I don't buy this at all, it isn't like the airlines calculate fuel so well that they are taking into account the weight of a single or likely even the entire jar of olives.

It wasn't the weight of the olives, it was the scale and sheer cost. One olive seems like a pittance, inconsequential in the grand scheme of things. But when you fly many thousands of flights with several pax being served salads on each flight (this was the 80s after all) that one olive per salad turns into $100,000. In the 80s, that paid a captain for a year. Now it would probably pay two, but I digress.

Furthermore, the airline doesn't have any idea how much the plane is going to weight prior to boarding so I don't think you can say they are saving any amount of fuel by taking 35lbs of paper charts off the plane, what if everyone on the flight just had a big meal prior to boarding on a 747 flight that could be 500 - 1000 lbs of additional weight in undigested food.

You're intentionally distracting from the point. Passenger weight will fluctuate whether paper manuals are on board or not. The weight of the POH and other documents is a known quantity; the airline does know, at least in approximation, how much the dead-tree manuals and a big book of Jepp charts weigh. Eliminate that weight and you will see savings through the fleet. Passenger weight is going to vary whether you're going with paper manuals, AA's app, Foreflight, or some guy who thinks God is his F/O.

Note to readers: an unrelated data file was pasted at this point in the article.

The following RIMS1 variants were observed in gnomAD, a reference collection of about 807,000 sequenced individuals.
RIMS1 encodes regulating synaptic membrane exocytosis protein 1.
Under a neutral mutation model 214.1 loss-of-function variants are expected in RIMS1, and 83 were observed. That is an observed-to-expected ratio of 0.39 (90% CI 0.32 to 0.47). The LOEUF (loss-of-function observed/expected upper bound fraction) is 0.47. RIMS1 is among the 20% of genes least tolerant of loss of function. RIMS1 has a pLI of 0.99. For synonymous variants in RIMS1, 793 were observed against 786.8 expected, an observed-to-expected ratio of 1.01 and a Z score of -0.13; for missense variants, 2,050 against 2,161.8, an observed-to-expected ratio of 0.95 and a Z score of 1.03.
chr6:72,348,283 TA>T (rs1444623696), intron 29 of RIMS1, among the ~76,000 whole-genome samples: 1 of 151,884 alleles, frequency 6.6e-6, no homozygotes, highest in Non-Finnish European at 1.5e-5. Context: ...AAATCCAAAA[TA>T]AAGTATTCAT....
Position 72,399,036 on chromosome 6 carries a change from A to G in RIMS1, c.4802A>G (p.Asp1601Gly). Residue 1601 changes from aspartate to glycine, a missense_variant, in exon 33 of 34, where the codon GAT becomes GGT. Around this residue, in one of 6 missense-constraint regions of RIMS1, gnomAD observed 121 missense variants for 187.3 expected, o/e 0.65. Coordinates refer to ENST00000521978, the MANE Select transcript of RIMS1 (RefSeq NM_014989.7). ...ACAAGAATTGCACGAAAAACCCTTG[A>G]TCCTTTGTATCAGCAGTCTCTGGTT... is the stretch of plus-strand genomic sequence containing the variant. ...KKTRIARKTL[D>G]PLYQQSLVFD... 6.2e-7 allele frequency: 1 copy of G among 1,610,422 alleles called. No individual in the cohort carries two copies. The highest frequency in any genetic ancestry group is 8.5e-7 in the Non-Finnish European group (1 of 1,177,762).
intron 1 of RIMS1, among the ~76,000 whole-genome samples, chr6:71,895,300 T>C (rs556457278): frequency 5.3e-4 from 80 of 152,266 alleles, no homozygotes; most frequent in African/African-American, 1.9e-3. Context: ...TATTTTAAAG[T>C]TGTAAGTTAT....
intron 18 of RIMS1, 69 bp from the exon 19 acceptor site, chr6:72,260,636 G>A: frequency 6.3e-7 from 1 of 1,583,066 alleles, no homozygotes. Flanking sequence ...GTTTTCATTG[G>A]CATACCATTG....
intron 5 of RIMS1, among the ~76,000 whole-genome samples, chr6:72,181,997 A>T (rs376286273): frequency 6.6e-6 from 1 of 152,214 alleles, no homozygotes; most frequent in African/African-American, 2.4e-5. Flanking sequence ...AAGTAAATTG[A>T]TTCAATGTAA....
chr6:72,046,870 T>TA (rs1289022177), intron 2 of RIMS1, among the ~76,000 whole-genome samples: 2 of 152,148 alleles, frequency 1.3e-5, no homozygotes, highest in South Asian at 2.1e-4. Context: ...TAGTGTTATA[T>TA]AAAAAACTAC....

Comment: Re: Why do they not have the paper as backup? (Score 2) 263

by ShaunC (#49577227) Attached to: Crashing iPad App Grounds Dozens of American Airline Flights

You have to consider scale. In the 1980s, American saved $100,000 a year by removing one olive from each salad they served on their flights. One olive is no big deal, but across their entire operation, the savings added up.

American says they operate 6,700 flights per day or around 2.5 million per year. If they remove 40 lbs of dead tree manuals from each flight, that's 100 million pounds of cargo they aren't paying to carry around every year.

Comment: "Offenders" (Score 1) 234

by ShaunC (#49485651) Attached to: Can Online Reporting System Help Prevent Sexual Assaults On Campus?

Studies have shown that as many as 90 percent of campus rapes are committed by repeat offenders.

Do those studies take into account so-called victims who make multiple false reports of rape and sexual assault? Do those studies take into account imaginary offenders? Do those studies tally up "offenders" like "Haven Monahan" who exist only in the mind of their demented accusers?

But some argue that having the ability to report someone with just the click of a button may not be a good thing.